Darlene E. Miller

  23. Karen

    I find Ancestry a great way to research public records. However, I am not happy how living people are listed by name, birth and marriage dates in family trees.

    I am also very disapointed in that is seems many are posting incorrect information. I have found lines I am researching and found incorrect birth, marriage and death dates not to mention incorrect given, middle and surnames. I know this to be true as I have done much of my resarch the ‘old fashioned’ way–going to the county clerk’s office and searching the record books.

    It would appear that many are more interested in how fast they can ‘grow’ their family tree and take information at face value witout verifying the source. I don’t think the few that do this really care about others, their privacy, or ensuring that the correct information is posted. Genealogists like this are not doing anyone a favor and in the end only hurt themselves as their credibility is ruined and no one will share information with them for fear it will be posted incorrectly and their name attached to it.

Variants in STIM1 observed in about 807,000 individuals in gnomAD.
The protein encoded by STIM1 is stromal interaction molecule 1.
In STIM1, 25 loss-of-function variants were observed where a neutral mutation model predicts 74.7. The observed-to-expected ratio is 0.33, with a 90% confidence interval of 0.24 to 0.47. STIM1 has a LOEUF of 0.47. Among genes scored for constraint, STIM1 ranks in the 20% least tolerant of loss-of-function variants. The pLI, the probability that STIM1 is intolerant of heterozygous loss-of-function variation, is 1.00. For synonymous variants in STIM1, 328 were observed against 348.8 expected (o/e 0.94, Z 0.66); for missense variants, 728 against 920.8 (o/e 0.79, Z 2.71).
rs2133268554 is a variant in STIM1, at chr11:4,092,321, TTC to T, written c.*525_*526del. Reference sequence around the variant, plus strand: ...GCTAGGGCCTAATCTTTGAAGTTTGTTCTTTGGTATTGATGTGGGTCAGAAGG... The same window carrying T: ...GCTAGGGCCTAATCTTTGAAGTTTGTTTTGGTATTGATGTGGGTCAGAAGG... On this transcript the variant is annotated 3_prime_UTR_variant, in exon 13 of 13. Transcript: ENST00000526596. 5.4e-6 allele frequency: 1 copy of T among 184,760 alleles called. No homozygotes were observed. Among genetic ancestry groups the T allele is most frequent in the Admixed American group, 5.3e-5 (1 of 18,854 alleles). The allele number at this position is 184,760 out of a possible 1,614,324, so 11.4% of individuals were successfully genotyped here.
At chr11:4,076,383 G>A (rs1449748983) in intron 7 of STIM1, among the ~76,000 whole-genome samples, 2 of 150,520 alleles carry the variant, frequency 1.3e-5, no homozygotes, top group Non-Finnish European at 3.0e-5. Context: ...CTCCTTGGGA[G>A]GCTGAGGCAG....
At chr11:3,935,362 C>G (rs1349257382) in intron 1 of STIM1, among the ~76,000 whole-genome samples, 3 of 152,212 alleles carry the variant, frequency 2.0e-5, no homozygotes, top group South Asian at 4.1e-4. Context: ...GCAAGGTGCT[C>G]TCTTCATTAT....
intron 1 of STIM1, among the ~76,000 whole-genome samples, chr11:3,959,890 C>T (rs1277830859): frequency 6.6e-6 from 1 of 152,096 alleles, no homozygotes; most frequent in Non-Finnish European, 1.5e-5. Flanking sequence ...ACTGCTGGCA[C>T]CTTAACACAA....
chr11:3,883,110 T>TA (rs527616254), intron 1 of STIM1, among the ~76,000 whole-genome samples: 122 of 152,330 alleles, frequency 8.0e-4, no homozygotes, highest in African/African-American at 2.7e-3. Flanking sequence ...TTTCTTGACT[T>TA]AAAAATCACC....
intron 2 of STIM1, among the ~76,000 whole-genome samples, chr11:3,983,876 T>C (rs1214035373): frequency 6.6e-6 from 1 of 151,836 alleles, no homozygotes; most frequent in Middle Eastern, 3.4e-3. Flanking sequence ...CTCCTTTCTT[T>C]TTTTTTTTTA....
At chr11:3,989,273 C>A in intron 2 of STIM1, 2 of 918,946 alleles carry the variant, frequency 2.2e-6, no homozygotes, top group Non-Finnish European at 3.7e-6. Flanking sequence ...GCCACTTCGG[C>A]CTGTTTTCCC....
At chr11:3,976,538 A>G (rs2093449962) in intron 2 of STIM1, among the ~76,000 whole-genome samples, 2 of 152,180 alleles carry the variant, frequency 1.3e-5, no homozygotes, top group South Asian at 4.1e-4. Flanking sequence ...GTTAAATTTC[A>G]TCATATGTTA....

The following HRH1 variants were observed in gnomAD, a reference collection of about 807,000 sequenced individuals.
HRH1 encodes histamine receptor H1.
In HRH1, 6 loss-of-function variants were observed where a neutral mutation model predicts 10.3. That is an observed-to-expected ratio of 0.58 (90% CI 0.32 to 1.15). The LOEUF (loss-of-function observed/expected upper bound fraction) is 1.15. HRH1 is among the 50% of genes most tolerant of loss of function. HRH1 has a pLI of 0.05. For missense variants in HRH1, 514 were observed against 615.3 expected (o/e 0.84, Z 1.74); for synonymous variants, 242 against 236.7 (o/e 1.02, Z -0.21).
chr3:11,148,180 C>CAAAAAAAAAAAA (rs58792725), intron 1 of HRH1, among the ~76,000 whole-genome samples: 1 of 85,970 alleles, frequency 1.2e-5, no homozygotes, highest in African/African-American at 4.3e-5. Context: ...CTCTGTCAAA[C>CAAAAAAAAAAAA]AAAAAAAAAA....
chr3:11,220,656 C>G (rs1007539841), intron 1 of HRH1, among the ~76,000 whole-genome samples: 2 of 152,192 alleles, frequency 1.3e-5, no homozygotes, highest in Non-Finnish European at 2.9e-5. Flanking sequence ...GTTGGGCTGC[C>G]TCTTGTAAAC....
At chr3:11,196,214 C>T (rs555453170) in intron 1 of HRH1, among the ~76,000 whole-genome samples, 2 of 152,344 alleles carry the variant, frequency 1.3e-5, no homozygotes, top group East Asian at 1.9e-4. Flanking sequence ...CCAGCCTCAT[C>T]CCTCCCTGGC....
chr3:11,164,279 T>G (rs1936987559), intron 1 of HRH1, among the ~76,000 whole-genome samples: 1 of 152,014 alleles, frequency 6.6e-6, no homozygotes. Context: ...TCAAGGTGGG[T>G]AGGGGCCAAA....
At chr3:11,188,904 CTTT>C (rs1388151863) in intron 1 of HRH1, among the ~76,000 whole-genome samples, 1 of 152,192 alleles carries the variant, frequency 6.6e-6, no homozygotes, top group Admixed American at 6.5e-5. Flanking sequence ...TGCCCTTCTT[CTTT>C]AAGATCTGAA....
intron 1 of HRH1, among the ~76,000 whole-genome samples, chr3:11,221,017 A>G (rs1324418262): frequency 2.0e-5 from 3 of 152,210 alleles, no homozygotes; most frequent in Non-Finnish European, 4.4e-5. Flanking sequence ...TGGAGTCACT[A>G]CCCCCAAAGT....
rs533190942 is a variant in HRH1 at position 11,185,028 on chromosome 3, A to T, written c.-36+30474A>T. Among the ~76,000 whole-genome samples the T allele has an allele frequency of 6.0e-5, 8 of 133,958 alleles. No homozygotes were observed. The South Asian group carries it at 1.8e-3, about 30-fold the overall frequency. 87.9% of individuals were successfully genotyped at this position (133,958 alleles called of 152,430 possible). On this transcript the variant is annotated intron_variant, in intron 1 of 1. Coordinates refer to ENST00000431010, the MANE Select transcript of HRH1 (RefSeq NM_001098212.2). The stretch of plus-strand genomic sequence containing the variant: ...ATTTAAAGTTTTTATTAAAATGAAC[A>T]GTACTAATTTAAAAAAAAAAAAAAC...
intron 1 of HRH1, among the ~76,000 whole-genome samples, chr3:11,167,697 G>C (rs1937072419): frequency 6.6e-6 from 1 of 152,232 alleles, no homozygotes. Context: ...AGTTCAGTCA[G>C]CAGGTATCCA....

Isn’t there a disclaimer that can or should be added to a family tree when uploaded by GEDcom to Ancestry?

    Ancestry, I like much about your website, but the family tree postings really need to be cleaned up and done correctly. You have members that are disregarding the rules and hurting others. I know–I’ve had living family listed as dead, living listed by name with dates, and nothing has been done to correct it by the owner of the posting or by you. In this respect, I am truly disappointed in you and your website.